IT NOW appears that Kerry footballer Tadhg Kennelly has joined former NBA star Charles Barkley among the select group of sportspeople who have claimed they were misquoted in their own autobiographies.

The Kerry footballer has spent much of the week rowing back on his confession he intentionally charged into Nicholas Murphy at the start of last month’s All-Ireland football final, issuing a statement on Tuesday night which went into some detail on the subject.

For the record, last weekend, in an excerpt from his autobiography published in a Sunday paper,
Kennelly admitted he had set out to put down a marker in the
All-Ireland final by charging into the first Cork player he could, which turned out to be Nicholas Murphy, whom he caught with a shoulder to the jaw in the opening seconds of the game.

Subsequently Kennelly said: “I gave an interview to the Australian ghost writer Scotty Gallon.

“I didn’t read it over as I should have, and the first account I saw of the incident was on last Sunday morning.

“Scotty used an expression ‘cop that’ to describe my feelings immediately after I connected with Nicholas. I said no such thing.

“The challenge, I admit, was over the top. I was too pumped up.”

It’s a little bit late for Kennelly to start finessing his position. Claiming he had no intention of injuring anyone while simultaneously
admitting he caught Murphy with his shoulder on the jaw, an
extremely dangerous challenge,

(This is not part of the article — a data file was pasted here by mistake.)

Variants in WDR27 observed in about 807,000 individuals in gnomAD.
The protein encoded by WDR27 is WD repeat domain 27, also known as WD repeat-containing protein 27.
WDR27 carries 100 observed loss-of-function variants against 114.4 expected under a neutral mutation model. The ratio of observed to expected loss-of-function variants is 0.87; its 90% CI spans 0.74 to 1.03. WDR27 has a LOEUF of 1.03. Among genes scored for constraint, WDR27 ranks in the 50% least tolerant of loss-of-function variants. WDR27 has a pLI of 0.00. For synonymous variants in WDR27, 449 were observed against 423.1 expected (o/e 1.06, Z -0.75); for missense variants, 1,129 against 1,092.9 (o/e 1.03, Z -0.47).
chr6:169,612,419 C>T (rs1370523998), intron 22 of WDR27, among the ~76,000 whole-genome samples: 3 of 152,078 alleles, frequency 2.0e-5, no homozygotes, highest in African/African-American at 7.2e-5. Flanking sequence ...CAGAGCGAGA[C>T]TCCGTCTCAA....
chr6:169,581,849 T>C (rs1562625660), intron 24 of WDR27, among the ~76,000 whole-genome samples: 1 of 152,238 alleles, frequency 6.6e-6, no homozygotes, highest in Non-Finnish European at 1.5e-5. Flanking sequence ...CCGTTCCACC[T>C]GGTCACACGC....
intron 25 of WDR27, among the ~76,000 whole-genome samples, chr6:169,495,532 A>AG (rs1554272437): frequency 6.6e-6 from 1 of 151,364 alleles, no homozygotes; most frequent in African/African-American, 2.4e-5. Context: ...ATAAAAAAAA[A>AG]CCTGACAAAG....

undercuts subsequent protestations of innocence more than somewhat.

It also undercuts something else: a county’s reputation.

This newspaper has been contacted by several Kerry natives wishing to express their disappointment with Kennelly, while on the county’s biggest GAA internet messageboard the reaction early in the week was also been overwhelmingly negative.

Even his manager, Jack O’Connor (himself no stranger to, er,
autobiography-based controversy) said it was “not the Kerry way”.

Kennelly’s team-mates will not have had their hearts gladdened by his admissions either, as evidenced by his pointed reference to Paul Galvin in the original text, which carried a whiff of implication, though the former AFL star moved swiftly to exonerate of his team-mate in his statement.

AS of next year’s league,
referees all over the
country will be spending a fraction of a second longer
weighing up whether accidental collisions and borderline tackles by the team in green and gold are
intentional or not.

Their opponents may not be
inclined to grant even a momentary benefit of the doubt.

If the row casts a shadow over what appeared to be fairy-tale story of All-Ireland success, that’s

If it leads to
confrontations on the field of play, that would be truly unfortunate.

Kennelly may also suffer because of what is happening in another sport: we’ve been hearing rugby pundits for some time ponder
“intent” when it comes to